On November 19, the Senate and House Committees on Commerce and Labor met to consider the possible statewide impacts from a proposed Environmental Proctection Agency (EPA) rule to limit greenhouse gas emissions from power plants. EPA is expected to finalize the rule on carbon emission by the end of 2015 with it taking full effect by 2020.
Under EPA’s proposed rule, each state is assigned a specific goal for limiting emissions of carbon dioxide. Virginia’s goal is to reduce emissions by 38 percent from 2012 levels by the year 2030. The proposed rule also requires all states to submit to EPA implementation plans by a specific deadline. During the Joint Committee meeting, presentations about the proposed rule’s impact upon Virginia were made by representatives from the Department of Environmental Quality (DEQ), the State Corporation Commission (SCC), Dominion Resources, PJM (responsible for constructing and maintaining a large part of the electrical grid), Appalachian Power, Virginia Electric Cooperatives, the Southern Environmental Law Center (SELC) and the office of the Attorney General. Most presentations had information critical of the proposed rule and concluded that the impacts upon Virginia would be significant, both in terms of the state’s economic competitiveness, the effect upon rates paid by customers and service reliability.
Here is a summary of the major concerns voiced by DEQ, utilities, and organizations representing ratepayers to the joint committee about the proposed EPA rules:
- Virginia’s 38 percent target for reducing CO2 emissions from power plants is more strict than many other states.
- EPA’s proposed rule severely limits (to 6 percent) the level to which Virginia can be credited with emissions reductions from nuclear power. (Currently, nuclear power provides about 30 percent of Virginia’s electricity needs. Nuclear power emits no greenhouse gases.)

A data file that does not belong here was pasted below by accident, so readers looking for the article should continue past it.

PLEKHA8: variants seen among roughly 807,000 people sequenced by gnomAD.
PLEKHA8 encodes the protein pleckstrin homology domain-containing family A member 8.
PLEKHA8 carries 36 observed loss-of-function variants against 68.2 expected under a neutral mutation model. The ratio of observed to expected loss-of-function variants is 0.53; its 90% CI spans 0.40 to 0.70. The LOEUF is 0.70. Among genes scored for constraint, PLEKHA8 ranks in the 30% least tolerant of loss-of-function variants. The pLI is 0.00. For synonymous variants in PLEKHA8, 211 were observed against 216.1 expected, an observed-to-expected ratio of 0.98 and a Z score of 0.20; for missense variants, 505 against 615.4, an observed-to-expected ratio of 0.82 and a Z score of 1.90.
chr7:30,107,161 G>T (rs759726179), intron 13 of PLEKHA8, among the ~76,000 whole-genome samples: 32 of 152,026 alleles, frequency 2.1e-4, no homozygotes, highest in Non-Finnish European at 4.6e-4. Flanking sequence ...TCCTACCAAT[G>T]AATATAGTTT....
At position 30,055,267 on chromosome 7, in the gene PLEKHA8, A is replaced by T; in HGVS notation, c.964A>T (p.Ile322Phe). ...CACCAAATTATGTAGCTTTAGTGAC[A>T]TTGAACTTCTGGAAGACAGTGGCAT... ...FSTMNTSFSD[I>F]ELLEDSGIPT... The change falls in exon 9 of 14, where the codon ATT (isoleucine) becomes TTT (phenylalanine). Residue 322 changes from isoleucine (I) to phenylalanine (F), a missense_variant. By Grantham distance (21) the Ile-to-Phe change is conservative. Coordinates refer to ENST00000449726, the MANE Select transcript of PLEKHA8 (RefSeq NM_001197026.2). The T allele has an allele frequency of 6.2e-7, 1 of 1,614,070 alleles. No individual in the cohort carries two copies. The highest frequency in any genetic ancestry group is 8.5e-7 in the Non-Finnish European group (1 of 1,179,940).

- The proposed rule will significantly increase rates paid by consumers. According to SCC, the estimated increase for the average residential consumer will be about $300 per year. According to Dominion’s estimates, rates will increase by approximately 30 percent.
- The proposed rule will require costly retrofits for existing power plants. Normally, it’s typical for new federal environmental regulations to only affect newly constructed facilities.
- Because the rule is scheduled to take effect in 2020, utilities are concerned they will not have enough time to prepare.
Not all presenters at the meeting were critical of EPA’s proposed rule. For example, the SELC presented information supporting EPA’s proposal and produced estimates that the rule will generate about 38,000 new jobs in Virginia because it will drive up production of renewable energy sources. SELC also testified that rate increases have been overestimated by the utilities and SCC.
VACo will continue to monitor this issue.
VACo Contact: Larry Land